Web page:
Dell must be listening to the PCs-for-home-entertainment buzz. They are building “luxury” computers now, for luxury prices. While the XPS series is old news for gamers, the PC giant is now pushing it for more widespread appeal. I’ll venture a guess as to what this means: pay an extra $500 for a Dell that reminds us of a chrome-plated, steroid-filled Mac Mini.
Dell has built an empire on cheap computers and cutting corners when possible. The business is widely recognized as a model for streamlining and cost cutting. Over the past couple decades, the company has become almost as ubiquitous as Microsoft and Intel. The PC market is saturated with Dells. Even in the office here, I’m staring at one. But it’s not high standards that have brought Dell to the forefront of PC manufacturers.
Cheap sells Dells.
I could delve into how I feel about Dell’s second rate hardware, their proprietary system parts, their borderline spyware, and notorious (lack of) customer service. But I’ll save that for later.
For now, suffice it to say that even though Dell has become a household name, it is practically a computer builder’s arch nemesis. Widespread does not mean high quality. Dell is the Nike running shoe sitting next to a NuBalance. It is the Tylenol pill sitting next to a bottle of codeine. If a computer hobbyist is shopping for an expensive PC, I’d put my money on them not even visiting Dell.com out of curiosity. So why would Dell even try to increase their high-end offerings?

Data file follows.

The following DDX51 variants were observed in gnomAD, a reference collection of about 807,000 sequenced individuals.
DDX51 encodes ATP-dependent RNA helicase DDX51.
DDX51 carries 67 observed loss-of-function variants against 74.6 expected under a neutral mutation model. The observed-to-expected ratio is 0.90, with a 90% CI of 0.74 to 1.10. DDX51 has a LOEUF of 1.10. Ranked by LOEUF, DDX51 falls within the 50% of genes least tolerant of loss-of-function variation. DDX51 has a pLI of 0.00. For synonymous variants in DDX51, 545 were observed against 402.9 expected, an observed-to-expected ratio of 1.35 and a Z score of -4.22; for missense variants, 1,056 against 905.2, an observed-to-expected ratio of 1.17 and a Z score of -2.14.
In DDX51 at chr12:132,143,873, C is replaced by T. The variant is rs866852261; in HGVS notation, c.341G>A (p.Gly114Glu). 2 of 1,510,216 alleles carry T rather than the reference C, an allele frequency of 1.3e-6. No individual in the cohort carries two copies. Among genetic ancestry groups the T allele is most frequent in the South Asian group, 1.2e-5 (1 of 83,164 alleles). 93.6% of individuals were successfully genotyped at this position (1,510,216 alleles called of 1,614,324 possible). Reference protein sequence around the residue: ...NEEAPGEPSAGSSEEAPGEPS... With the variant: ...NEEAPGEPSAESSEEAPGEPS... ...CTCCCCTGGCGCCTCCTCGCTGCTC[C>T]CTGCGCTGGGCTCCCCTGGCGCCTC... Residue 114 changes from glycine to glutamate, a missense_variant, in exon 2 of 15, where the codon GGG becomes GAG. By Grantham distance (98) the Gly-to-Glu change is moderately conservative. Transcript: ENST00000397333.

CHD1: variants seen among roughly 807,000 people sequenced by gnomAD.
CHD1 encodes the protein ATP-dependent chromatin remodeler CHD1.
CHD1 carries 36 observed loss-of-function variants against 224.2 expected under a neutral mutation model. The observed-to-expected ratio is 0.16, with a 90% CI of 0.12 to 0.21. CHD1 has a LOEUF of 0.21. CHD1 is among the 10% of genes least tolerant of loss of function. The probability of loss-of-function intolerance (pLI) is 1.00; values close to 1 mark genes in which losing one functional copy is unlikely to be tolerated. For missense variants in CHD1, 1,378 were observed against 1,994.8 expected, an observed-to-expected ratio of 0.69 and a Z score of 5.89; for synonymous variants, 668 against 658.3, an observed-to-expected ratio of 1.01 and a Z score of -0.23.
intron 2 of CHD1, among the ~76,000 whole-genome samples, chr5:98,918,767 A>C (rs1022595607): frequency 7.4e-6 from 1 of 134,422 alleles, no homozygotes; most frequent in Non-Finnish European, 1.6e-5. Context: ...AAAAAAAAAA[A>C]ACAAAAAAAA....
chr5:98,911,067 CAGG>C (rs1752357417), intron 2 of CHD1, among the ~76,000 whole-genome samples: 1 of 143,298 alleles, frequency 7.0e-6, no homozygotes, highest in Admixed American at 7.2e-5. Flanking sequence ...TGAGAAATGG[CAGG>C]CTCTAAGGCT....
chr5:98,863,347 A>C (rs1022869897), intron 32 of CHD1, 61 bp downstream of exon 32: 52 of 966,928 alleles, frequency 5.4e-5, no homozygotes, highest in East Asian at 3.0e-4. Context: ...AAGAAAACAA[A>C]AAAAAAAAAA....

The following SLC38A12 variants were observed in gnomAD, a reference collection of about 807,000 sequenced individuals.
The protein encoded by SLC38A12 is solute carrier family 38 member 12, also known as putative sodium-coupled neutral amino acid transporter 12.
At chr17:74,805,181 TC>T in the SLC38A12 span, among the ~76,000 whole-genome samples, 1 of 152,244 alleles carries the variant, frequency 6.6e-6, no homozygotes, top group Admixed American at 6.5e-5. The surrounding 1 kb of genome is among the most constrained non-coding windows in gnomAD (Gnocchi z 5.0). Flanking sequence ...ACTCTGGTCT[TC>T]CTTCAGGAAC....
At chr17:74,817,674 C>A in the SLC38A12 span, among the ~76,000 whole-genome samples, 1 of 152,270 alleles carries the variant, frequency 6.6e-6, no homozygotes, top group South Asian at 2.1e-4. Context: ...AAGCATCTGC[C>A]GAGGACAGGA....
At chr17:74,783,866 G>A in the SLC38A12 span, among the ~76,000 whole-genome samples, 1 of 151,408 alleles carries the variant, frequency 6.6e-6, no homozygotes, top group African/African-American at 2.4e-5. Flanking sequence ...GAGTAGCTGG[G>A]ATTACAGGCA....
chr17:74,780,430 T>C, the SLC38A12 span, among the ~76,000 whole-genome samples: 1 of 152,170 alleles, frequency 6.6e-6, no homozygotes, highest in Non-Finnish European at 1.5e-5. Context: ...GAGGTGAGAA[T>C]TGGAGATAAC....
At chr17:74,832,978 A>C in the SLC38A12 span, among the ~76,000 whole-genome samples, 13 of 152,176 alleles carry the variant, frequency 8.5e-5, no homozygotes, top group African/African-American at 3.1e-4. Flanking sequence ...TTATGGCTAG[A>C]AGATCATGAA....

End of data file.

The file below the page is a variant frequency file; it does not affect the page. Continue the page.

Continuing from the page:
There are reasons, but one stands out. The company’s stock has been taking a solid nosedive (and is continuing even now) since the first day of August. It was trading around $41, and is now significantly below $33, a 20% drop. You might ask why. After all, Dell’s sales in the second quarter of 2005 were 15% above last year, and made an amazing $13.4 billion in sales. Sounds like a real powerhouse, doesn’t it?
However, Dell had projected 16-18% increase in sales, and this was the first time in years that they failed to meet their projections. Dell blamed the loss on discounts it offered. The solution to stabilizing their stock is easy, if you imagine a board room of Dell executives in “oh shit” mode: take two parts existing product, add one part hype, stir until average consumer is confused, place in black metal box, and bake until stock rises.
That’s right. The answer for making up for sagging and disappointing growth: pump up the bling bling. Hey, Apples look cool and they sell. Alienware too. For a company whose computers look significantly stupider than the budget eMachines T Series, the idea of dressing up the PC must sound like a turn key solution.
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